3.
Journal of Urology ; 209(Supplement 4):e1157, 2023.
Article in English | EMBASE | ID: covidwho-2312738

ABSTRACT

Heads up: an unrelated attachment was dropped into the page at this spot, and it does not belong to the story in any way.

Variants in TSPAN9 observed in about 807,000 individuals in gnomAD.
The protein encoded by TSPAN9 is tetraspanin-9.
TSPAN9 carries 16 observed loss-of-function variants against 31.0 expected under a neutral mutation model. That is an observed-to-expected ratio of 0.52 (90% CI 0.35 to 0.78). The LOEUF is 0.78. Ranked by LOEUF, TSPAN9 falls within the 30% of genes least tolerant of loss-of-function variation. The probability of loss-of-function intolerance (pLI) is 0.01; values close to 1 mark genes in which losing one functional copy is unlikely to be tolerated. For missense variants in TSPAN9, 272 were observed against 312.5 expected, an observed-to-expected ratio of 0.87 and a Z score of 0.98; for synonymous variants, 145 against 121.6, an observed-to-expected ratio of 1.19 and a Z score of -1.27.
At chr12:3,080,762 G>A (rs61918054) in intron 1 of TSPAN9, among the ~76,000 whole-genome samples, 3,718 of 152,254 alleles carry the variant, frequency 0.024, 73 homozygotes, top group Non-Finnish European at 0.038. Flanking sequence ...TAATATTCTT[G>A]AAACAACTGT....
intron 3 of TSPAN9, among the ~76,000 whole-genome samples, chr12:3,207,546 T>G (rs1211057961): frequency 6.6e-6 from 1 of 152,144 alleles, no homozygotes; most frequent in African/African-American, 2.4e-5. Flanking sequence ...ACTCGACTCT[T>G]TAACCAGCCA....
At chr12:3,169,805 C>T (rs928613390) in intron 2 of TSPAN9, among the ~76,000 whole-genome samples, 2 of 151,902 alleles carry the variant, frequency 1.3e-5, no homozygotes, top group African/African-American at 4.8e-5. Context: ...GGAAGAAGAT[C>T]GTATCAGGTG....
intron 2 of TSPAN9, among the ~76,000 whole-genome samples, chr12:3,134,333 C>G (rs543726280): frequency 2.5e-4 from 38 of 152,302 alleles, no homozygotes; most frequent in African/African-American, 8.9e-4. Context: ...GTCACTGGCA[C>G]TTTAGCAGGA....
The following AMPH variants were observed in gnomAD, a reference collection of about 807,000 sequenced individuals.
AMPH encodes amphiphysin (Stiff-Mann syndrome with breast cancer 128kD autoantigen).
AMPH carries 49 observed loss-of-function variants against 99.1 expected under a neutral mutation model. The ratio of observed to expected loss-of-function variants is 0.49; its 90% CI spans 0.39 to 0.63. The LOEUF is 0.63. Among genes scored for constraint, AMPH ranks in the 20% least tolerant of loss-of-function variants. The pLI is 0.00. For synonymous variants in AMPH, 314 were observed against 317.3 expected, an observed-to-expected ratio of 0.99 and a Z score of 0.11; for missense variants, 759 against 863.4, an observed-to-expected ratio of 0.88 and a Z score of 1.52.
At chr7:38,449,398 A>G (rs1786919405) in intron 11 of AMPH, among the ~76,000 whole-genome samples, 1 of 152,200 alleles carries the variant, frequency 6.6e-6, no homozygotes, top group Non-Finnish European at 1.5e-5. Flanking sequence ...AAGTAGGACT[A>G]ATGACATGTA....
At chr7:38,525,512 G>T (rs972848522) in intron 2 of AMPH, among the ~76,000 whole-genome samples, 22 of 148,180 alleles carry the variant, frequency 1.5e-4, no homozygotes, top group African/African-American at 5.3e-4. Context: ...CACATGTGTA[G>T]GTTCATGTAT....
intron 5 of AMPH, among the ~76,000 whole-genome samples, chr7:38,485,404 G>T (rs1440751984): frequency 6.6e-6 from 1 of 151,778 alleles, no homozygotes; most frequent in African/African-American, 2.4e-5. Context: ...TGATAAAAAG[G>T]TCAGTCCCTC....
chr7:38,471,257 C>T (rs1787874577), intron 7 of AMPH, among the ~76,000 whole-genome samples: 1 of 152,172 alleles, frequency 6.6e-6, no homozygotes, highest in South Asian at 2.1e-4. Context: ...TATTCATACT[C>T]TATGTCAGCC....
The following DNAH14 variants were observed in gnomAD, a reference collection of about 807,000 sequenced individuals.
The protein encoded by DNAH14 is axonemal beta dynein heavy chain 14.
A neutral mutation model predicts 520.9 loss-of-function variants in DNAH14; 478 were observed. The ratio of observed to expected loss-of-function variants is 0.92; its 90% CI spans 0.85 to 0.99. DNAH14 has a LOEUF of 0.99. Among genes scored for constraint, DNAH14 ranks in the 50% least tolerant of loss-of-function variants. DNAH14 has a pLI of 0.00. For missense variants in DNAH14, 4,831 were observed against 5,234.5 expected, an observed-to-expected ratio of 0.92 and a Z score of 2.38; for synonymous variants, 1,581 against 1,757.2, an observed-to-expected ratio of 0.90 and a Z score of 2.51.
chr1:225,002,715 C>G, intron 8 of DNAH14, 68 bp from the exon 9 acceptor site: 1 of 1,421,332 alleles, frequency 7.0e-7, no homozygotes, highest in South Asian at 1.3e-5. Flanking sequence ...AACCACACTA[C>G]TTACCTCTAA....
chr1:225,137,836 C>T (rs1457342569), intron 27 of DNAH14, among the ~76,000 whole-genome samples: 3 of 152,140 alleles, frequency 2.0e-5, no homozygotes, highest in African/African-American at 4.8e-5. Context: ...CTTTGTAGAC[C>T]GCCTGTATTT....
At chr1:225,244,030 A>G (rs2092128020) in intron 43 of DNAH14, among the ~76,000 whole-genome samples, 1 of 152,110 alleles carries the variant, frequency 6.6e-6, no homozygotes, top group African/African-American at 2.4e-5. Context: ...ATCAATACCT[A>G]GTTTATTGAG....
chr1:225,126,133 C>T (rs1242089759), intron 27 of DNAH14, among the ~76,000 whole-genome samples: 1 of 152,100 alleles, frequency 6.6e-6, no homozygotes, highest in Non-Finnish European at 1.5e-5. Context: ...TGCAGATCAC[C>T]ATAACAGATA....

INTRODUCTION AND OBJECTIVE: Robotic assisted radical prostatectomy (RARP) is an invaluable whole gland treatment for intermediate, high-risk prostate cancer (PCa). However, a non-negligible proportion of these patients still harbour urinary incontinence and erectile disfunction after surgery. To assess the efficacy of our rehabilitation program in these patients. METHOD(S): A two arm, retrospective study on patients who underwent a RARP at a single institution in two pre-specified time intervals, namely March-July 2019 (study group) and March-July 2020 (control group), was conducted. Patients in the study group underwent a specific rehabilitation program, consisting of counseling with a prostate case-manager, an urologist and a physiotherapist, therefore starting pelvic floor muscle training (PFMT) at least 1-month before RARP. Due to the Covid-19 pandemic restrictions, this structured program was not delivered to the control group. The primary endpoint was the assessment functional outcomes at 30 days, 3 and 6 months after surgery. Continence recovery was defined as no use of pad, while erectile function (EF) recovery was defined as erection sufficient for an intercourse. Secondary endpoints included the following: surgical waiting time (SWT;period from prostate biopsy to surgery), biochemical recurrence (BCR) and/or imaging evidence of progression. RESULT(S): We included 249 patients, 136 (54.6%) in the study group and 113 (45.4%) in the control group. At 30 days after RARP, 49 (36.0%) patients in the study group were completely continent, and 6 (4.4%) had preserved EF as compared to 8 (7.1%) and 0 (0%) in the control group (p<0.001 and p=0.072 respectively). At 3 months, 131 (96.3%) were continent and 30 (22.1%) patients had recovery of EF in the study group, compared with 77 (68.14%) and 9 (8.0%) in the control group (p<0.001). Finally, at 6 months, 134 (98.5%) were continent and 50 (36.8%) had erection sufficient for intercourse in the study group, as compared with 96 (85.0%) and 19 (16.8%) in the control group (p<0.001). Median SWT was 2.9 (2.5-3.1) in 2019 and 5.8 (5.0-7.0) in 2020, (p<0.001). Median follow-up was 42 months (43-44) in the study group vs 32 (31-32) in the control group. No significant differences were observed in the proportion of patients experiencing BCR or imaging disease progression (8.1% vs 2.7%, p>=0.05). CONCLUSION(S): Our rehabilitation program is an valuable tool to enhance functional outcomes in patients undergoing RARP. Further prospective studies are still needed to confirm our results.